Gallery of the Common Experience
What is the Gallery?
Sponsored by the Honors College and the Common Experience at Texas State University, The Gallery of the Common Experience showcases art exhibits relating to this year's Common Experience theme. In the past these exhibits have included artwork meant to provoke thought on the definition of Chicano identity, photo depictions of apartheid South Africa during the onset of AIDS, and political cartoons of President Lyndon Baines Johnson. The gallery also hosts special events throughout the year including free art workshops, artist talks, and public art events on the Quad.
When and Where Can I View the Gallery?
The Gallery is located in LAMP 407 (the Honors Coffee Forum) and is open to the public free of charge Monday through Thursday from 8 a.m. to 7 p.m. and Friday from 8 a.m. to 5 p.m.
How Can I Get Involved?
Help the Committee
The gallery is maintained by the Honors College, a Gallery curator , and a campus-wide committee of dedicated art lovers. For more information or to become involved with the committee, e-mail the Gallery at email@example.com. You can also follow the Gallery of the Common Experience on Facebook.
We also take art submissions from students and others in the community! If interested, check out any upcoming themes below and click the appropriate "Submit Your Work" in these sections.
Observations of Florence: Truth in Drawing
The work currently on display at the Gallery of Common Experience was created by students during the 2018 Summer Study Abroad in Florence, Italy. Drawings were done on-site throughout the city, allowing students to practice observational techniques in the same location Brunelleschi developed linear perspective. While the drawings are observational and based on truth, they reveal that reality is experienced and expressed in many ways. This exhibit celebrates the artists’ unique ability to share an understanding of the world that is unlike the viewer’s and bring humanity towards an understanding of universal truth.
See below to view past exhibits.
Spring 2019 Exhibition
April 11, 2019 - May 6, 2019
How can 'People First' become a mantra that creates a notion of innovation that prioritizes the needs of people before consumerism?
Conversations on innovation often highlight the newest, most exciting advances in technology that are ultimately inaccessible to already under-resourced communities. Furthermore, we must imagine the ways in which institutions that are directly detrimental to people have also been some of the first to innovate to consider their economics. Nonetheless, art allows us a space to directly communicate the ways in which we can imagine things differently. This show includes a range of works from analogue installations to physical zines and digital art that engage the space with human centered ideals. People First is a message that considers the fundamental drive to innovate but prioritizes the voices of all people.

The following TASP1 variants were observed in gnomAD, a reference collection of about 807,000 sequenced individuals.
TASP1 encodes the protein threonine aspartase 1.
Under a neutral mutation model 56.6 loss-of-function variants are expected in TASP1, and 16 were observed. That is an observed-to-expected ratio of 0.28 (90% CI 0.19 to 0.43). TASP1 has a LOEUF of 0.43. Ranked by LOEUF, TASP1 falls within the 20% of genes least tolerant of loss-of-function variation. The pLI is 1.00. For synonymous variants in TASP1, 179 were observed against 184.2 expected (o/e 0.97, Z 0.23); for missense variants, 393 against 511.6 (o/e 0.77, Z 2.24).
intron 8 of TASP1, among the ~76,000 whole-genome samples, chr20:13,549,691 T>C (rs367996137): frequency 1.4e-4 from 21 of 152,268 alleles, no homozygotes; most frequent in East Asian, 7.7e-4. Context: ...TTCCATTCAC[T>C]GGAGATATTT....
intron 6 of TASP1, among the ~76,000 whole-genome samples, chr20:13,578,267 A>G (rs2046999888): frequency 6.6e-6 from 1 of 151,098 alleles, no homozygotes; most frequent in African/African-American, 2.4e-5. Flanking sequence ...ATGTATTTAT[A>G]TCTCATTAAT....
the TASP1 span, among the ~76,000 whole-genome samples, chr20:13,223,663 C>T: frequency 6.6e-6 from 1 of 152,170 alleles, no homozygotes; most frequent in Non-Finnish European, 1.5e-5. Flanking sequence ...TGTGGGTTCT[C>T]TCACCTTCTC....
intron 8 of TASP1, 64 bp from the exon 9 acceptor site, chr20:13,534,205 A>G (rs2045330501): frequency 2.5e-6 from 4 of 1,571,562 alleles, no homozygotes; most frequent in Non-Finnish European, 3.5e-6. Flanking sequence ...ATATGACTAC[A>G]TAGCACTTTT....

Spring 2019 Exhibition
February 28, 2019 - May 6, 2019
This interactive art and design project introduces students of all abilities and backgrounds to cutting-edge creative technologies. The event features Austin-based and Texas State alumnus, Topher Sipes, who connects inner and outer worlds through visual storytelling. On November 14, 2018 students realized their own creative potential by "bending, blending, and breaking" objects of their own imaginative creation by entering virtual space and creating virtual sculptures with VR tools. Completed works were reinvented through 3D printing and are displayed in the Gallery of the Common Experience during the spring 2019 semester.
Spring 2019 Exhibition
January 31, 2019 - March 15, 2019
This show centers the ways in which visual mediums interact with the ever-changing landscape of culture, politics, and life. We seek to expand our understanding of innovation as more than a technological buzzword but rather a challenge to create a newer, better experience beyond our present reality. Approaching themes of the social and physical constructs of race, sexuality, gender and labor, this show will function as a space to recreate and re-interpret the world around us.
Fall 2018 Exhibition
September 13 - December 14, 2018